Sue Cowen

Life-changing trip for volunteer Sue

A BIG-hearted volunteer who recently returned from an aid mission to Africa has said the trip changed her life.

Sue Cowen, 57, of Kidderminster, spent two months in a remote part of Kenya helping rural communities battling with the effects of HIV and AIDs.

After taking voluntary redundancy from Build British Institute of Learning Disabilities, in Kidderminster last year, she met Derek Austin, treasurer of the Friends of Omwabini organisation.

The good cause, which is applying for registered charity status, built links with Kenyan charitable body, Omwabini, in 2003 and has since raised a total of £35,750 for the group.

Mrs Cowen, of Larches Road, said: "I met Derek by chance, in November last year, and said that I'd always wanted to go out and do some voluntary work.

"I always wanted to do something but being 57 I thought I'd missed my chance.

"When I was at school you didn't have a gap year."

After initially helping to fund-raise for the Friends group, Mrs Cowen found out more about the organisation's efforts in Kenya and decided to travel to the area in May to see the work for herself. She added: "It was a nice feeling for people who donated money that I was going out there to see how it was being used and it helped with further fund-raising." Mrs Cowen, who funded the trip herself, admitted she had little idea of what to expect when she touched down at Nairobi airport. She took an internal flight and met James Bunyasi, charity co-ordinator, before they drove out to the organisation's headquarters in Kimilili, near the Ugandan border. The group, which was set up by James's mother, Mary, in 2002, is staffed by unpaid Kenyan volunteers, with all the money going towards community projects.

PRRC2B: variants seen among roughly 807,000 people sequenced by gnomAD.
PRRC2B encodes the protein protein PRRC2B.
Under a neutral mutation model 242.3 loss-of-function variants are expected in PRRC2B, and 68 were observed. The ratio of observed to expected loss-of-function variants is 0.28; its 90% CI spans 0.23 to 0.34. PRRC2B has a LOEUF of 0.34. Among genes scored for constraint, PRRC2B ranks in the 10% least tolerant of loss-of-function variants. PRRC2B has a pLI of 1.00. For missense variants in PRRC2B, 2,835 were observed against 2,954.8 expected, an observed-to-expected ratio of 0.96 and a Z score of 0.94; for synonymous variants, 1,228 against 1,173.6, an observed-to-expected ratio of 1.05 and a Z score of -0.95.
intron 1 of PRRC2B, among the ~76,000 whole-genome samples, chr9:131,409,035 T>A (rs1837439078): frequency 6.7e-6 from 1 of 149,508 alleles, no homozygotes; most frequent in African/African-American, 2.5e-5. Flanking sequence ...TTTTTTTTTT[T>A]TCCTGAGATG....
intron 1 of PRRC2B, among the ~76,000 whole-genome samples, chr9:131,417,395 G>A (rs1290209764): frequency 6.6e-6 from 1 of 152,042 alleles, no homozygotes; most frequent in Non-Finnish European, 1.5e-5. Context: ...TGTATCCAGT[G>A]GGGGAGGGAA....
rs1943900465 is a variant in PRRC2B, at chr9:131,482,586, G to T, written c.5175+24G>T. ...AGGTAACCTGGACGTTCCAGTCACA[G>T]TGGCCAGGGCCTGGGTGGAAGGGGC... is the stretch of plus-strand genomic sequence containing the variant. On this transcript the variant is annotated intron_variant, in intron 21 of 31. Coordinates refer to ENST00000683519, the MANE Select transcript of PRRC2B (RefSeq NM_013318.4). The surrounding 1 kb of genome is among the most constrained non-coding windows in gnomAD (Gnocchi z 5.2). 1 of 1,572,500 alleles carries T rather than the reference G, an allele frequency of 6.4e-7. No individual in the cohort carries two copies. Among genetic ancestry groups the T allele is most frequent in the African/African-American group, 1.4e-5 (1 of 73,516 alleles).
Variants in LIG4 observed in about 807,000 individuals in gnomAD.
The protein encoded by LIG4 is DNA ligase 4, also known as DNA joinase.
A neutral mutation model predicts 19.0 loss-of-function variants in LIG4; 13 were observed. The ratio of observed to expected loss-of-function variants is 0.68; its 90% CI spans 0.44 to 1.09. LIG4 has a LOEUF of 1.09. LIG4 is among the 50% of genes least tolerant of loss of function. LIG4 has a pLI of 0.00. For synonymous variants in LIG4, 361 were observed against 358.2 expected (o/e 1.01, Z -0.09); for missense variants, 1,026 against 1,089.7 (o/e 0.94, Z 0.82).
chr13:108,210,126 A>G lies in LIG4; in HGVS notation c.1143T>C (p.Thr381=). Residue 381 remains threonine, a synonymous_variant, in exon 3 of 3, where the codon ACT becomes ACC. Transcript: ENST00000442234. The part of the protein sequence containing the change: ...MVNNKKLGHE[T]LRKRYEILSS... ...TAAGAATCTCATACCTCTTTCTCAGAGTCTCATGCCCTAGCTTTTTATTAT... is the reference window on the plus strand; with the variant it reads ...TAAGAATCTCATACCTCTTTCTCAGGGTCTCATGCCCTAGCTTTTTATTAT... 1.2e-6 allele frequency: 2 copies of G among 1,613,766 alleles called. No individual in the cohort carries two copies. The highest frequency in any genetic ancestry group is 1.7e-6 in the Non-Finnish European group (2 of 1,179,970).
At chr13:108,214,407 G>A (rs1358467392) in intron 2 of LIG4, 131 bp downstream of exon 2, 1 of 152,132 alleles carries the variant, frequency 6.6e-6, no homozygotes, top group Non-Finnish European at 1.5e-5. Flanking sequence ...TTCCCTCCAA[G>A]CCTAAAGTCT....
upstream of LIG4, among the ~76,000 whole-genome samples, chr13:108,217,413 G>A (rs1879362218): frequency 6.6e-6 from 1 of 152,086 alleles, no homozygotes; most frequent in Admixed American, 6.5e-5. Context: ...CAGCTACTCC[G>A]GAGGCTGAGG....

Mrs Cowen went on: "My biggest fear was I had seen people suffering on the television but would I be able to cope emotionally with seeing these orphans when I was out there?

"The charity has such a positive approach it's a nice working environment.

"People are always thinking what they can do, not what they can't, so you're not looking at blank suffering.

"The charity runs its own primary school in Kimilili, so I taught in the school and learned how to say some bits and pieces in Swahili."

Mrs Cowen, a mother-of-two, travelled out to several rural communities in an area the size of the West Midlands during her stay, helping to set up AIDS and HIV self-help groups and with building projects, including putting up a mud hut.

She explained: "AIDS is rife out there and you don't meet people who haven't been affected in some way but it was so rewarding just being there.

"There was self-discovery and I was inspired by the way people who had very little could still be happy, fulfilled and contented."